CREECA also congratulates former staffer Emily Gams on her Master’s in International Public Affairs and graduate certificate in REECAS, as well as the four undergraduates who earned a certificate in REECAS: Ryan Cody, Peter LaBelle, Garrett Prem, and Nicholas Quartaro!
Ryan Goble, CREECA communications and NSLI-Y project assistant since January 2020, also graduated this spring with a PhD in Second Language Acquisition.
A team of UW students, alumni, and (former) faculty and academic staff have updated the Russian Advanced Interactive Listening Series (RAILS) — interactive language lessons based on documentaries and interviews about Russian culture and history. The team included: Shannon Donnally Quinn, Michigan State University, graduate students Lidia Gault (Second Language Acquisition) and Isabella Palange (GNS+), with input from Benjamin Rifkin (Hofstra University), Dianna Murphy (UW-Madison Language Institute), Karen Evans-Romaine (GNS+), Victoria Thorstensson (Nazarbayev University), and Anna Tumarkin (GNS+). Supported by the UW-Madison Russian Flagship Program, the database of free lessons is accessible here.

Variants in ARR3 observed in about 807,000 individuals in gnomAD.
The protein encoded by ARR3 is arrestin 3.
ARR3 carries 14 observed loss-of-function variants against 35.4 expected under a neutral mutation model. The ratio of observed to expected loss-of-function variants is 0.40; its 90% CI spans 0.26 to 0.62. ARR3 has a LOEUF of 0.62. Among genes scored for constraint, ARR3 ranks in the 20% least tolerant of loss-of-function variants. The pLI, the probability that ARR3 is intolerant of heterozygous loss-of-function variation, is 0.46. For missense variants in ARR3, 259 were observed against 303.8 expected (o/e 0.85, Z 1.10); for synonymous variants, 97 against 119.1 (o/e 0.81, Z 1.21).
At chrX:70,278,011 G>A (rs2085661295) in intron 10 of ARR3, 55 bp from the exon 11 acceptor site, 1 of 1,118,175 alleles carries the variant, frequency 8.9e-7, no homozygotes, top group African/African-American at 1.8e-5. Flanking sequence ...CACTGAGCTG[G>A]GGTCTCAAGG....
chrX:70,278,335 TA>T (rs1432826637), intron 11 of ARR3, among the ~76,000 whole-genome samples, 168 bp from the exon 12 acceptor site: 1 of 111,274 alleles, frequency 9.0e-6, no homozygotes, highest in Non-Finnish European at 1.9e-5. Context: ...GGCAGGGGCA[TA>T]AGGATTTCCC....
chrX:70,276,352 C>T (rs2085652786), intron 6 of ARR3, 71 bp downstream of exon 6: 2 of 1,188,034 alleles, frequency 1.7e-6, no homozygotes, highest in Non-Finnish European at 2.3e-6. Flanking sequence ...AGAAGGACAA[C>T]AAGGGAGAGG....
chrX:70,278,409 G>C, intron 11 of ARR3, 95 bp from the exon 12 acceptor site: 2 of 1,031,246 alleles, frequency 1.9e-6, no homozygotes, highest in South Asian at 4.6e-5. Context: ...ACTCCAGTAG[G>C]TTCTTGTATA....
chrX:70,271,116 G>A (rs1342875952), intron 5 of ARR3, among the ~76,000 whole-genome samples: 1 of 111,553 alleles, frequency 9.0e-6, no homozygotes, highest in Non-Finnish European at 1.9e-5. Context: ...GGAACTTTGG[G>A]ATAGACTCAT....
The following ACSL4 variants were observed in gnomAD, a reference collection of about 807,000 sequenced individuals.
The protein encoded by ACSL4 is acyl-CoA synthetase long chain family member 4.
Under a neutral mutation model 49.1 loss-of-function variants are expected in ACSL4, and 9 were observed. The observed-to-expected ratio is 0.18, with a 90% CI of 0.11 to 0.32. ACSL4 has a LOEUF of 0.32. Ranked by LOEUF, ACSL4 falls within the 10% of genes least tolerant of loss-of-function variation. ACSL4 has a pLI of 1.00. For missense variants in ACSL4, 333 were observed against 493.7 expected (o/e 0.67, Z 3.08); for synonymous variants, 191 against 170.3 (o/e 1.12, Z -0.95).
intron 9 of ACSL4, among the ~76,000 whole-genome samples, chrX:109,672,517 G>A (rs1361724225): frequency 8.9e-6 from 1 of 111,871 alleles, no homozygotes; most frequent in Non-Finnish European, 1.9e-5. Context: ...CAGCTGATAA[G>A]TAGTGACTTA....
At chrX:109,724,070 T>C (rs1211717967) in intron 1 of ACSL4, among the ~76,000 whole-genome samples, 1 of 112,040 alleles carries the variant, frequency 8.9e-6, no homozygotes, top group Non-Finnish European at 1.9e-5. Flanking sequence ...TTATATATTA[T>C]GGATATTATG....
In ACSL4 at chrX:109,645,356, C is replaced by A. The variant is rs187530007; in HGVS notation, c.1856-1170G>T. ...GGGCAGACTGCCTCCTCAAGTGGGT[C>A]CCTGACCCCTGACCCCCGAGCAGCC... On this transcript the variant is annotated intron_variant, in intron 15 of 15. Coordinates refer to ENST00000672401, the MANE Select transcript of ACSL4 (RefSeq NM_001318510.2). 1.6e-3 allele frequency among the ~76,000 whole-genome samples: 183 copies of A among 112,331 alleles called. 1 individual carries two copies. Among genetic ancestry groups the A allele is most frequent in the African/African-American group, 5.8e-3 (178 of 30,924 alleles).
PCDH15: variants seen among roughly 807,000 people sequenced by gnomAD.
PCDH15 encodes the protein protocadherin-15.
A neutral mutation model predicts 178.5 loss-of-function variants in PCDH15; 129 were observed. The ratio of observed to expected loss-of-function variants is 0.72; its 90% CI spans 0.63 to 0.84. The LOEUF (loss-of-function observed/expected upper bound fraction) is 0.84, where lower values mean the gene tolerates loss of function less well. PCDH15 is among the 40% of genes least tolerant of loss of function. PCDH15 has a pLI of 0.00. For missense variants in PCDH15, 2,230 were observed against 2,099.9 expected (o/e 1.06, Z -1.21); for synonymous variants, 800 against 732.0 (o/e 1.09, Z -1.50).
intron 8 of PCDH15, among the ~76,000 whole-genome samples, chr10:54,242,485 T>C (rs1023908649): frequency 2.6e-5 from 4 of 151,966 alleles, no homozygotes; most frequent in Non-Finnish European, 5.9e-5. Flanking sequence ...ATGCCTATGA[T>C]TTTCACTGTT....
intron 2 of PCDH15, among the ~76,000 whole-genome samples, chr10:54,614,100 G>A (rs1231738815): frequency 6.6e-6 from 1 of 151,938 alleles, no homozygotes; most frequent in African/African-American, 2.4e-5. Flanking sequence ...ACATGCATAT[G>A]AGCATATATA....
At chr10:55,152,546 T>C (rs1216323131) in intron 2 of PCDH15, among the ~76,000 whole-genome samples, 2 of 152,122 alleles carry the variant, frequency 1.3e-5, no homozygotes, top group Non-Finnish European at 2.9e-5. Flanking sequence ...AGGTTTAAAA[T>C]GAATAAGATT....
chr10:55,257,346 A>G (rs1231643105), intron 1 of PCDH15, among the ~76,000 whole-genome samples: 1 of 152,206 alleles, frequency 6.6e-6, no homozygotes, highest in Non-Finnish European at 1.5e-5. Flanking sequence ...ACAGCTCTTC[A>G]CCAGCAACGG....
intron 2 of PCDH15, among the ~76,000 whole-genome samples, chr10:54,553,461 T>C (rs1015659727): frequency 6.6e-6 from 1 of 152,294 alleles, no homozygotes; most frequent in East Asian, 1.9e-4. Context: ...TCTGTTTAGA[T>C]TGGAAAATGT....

Khasan Redjaboev (Political Science) has received several accolades to support his dissertation research on the political economy of development, transitions, and politics of post-communist Eurasia: the Bourse & Bazaar Foundation Visiting Fellowship, a two-year Mosse Graduate Fellowship in History, and the Harriman-Carnegie Russian Studies Grant. In addition, the Local Economic and Administrative Performance (LEAP) Research Team, which Redjaboev co-founded and coordinates, received an international seed grant of $25,000 from the Korea Development Institute. Learn more about Redjaboev’s work in this recent co-authored policy paper, “Russia’s economic crisis threatens Uzbekistan from within,” in East Asia Forum and in a recording of the webinar, “Central Asia’s Economic Dependence on Russia: The Role of Media Narratives,” also featuring Anton Shirikov and Hannah Chapman (Political Science).